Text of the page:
Evolution Hardwired Us for Alcohol Consumption
A study by a team of biologists and anthropologists show that humans’ consumption of alcohol may have its roots in a mutation triggered by drastic changes in global environment, allowing our distant forebears to metabolize ethanol, the ingredient of alcohol that makes us tipsy.
It was known that our ability to metabolize ethanol –enabling us to consume moderate amounts of alcohol without getting drunk– is based on a range of proteins, including alcohol dehydrogenase class IV (ADH4). But although ADH4 which initiates the breakdown of ethanol is found in all primates, not all of these species can metabolise alcohol. Lemurs and baboons, to name some, have a less efficient version of the protein. There was an ambiguity, on the other hand, as to the time when humans evolved the more potent version of the enzyme, with some athropologists associating its appearance with the start of the practice of fermenting foodstuffs about 9000 years ago.
In order to arrive at a more precise date, Matthew A. Carrigan of Santa Fe College in Florida and his team sequenced ADH4 proteins in 19 modern primates and traced them back to several stops in their evolutionary history. The earliest version of ADH4, appearing about 50 million years ago, was found to be able to metabolise ethanol very slowly and in minute amounts. The big find was the revelation that common ancestor for human, chimpanzees and gorillas had evolved a 40 times more effective version of the protein.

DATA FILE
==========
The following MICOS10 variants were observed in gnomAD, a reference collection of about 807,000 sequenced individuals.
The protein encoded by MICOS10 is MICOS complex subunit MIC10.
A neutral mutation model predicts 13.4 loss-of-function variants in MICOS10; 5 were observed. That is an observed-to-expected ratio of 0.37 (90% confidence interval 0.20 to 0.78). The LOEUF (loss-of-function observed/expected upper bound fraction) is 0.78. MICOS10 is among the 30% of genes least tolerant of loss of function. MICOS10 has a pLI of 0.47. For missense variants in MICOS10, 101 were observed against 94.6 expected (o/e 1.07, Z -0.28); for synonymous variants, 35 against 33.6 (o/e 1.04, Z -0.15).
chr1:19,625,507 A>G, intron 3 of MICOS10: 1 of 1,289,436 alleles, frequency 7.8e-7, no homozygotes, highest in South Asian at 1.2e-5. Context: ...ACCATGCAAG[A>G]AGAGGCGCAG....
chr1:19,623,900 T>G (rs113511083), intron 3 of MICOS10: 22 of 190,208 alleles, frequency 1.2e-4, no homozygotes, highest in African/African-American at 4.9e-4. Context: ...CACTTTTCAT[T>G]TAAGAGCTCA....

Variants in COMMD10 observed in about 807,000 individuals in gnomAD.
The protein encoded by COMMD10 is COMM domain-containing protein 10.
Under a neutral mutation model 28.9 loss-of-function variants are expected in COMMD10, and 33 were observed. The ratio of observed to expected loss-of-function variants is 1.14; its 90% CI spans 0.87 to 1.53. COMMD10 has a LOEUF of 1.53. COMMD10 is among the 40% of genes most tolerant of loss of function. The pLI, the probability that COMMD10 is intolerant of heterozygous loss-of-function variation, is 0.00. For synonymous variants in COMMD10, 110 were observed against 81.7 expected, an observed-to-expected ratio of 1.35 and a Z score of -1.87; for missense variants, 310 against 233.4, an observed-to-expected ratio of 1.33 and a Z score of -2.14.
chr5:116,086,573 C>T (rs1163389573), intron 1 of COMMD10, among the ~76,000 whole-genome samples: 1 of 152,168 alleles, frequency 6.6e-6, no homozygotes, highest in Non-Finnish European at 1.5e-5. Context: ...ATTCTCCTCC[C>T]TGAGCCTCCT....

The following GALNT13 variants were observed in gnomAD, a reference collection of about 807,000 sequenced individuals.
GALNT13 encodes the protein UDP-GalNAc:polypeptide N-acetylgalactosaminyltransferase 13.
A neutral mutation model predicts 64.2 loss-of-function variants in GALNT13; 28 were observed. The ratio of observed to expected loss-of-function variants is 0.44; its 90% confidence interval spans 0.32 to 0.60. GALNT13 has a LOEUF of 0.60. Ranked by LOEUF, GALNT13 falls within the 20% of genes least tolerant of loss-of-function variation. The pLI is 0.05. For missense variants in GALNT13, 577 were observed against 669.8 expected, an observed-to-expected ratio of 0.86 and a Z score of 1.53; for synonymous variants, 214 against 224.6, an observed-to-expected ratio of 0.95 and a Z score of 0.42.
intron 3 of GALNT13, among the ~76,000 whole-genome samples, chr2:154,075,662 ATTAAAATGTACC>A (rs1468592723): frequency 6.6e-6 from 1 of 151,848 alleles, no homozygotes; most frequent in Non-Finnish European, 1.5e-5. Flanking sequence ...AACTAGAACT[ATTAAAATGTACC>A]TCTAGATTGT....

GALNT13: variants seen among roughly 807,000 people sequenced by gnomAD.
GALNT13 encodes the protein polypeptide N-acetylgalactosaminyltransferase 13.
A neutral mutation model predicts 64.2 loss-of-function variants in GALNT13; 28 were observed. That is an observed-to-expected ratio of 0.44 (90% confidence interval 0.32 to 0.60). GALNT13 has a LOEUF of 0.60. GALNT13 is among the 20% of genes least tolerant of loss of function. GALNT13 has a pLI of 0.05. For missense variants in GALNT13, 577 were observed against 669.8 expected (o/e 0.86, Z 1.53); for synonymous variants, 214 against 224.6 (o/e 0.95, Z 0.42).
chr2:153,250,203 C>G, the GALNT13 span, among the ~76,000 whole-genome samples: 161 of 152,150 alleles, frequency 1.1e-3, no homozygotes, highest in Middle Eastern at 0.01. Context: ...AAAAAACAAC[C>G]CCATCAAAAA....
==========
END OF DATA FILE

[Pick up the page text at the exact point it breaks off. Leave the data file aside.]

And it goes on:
Pointing to a global cooling at about the same time which changed the sources of food and forced the common ancestor to descend from the trees to seek its livelihood on the ground, Carrigan says the primates were thus introduced to fruits which had fallen to the ground besides their accustomed staples on trees. And fallen fruits were enriched in ethanol as a consequence of their exposure to bacteria which convert sugars into alcohols.
The researcher notes that, without the mutation that gave rise to the more effective ADH4, ethanol would have rapidly accumulated in the blood of the ancestor to make it speedily inebriated. The primates without the mutation which thus become “cheap dates” will be less able to defend their territories and find food. The primates with the mutation, on the other hand became more efficient in finding food; so the gene were selected in human and chimpanzees.
Carrigan further notes that the finding may explain why the humans were evolved to derive pleasure from alcohol consumption; as ethanol was associated to a main source of nourishment. “It’s not a whole lot different from the addictions some people have towards food; at the right dose, when you didn’t have alcohol and candy at every corner, it was hard to get too much of this sort of stuff, so when you found it, you wanted to be programmed to overconsume.”
- 1. “Ability to consume alcohol may have shaped primate evolution”, Science online, 1 December 2014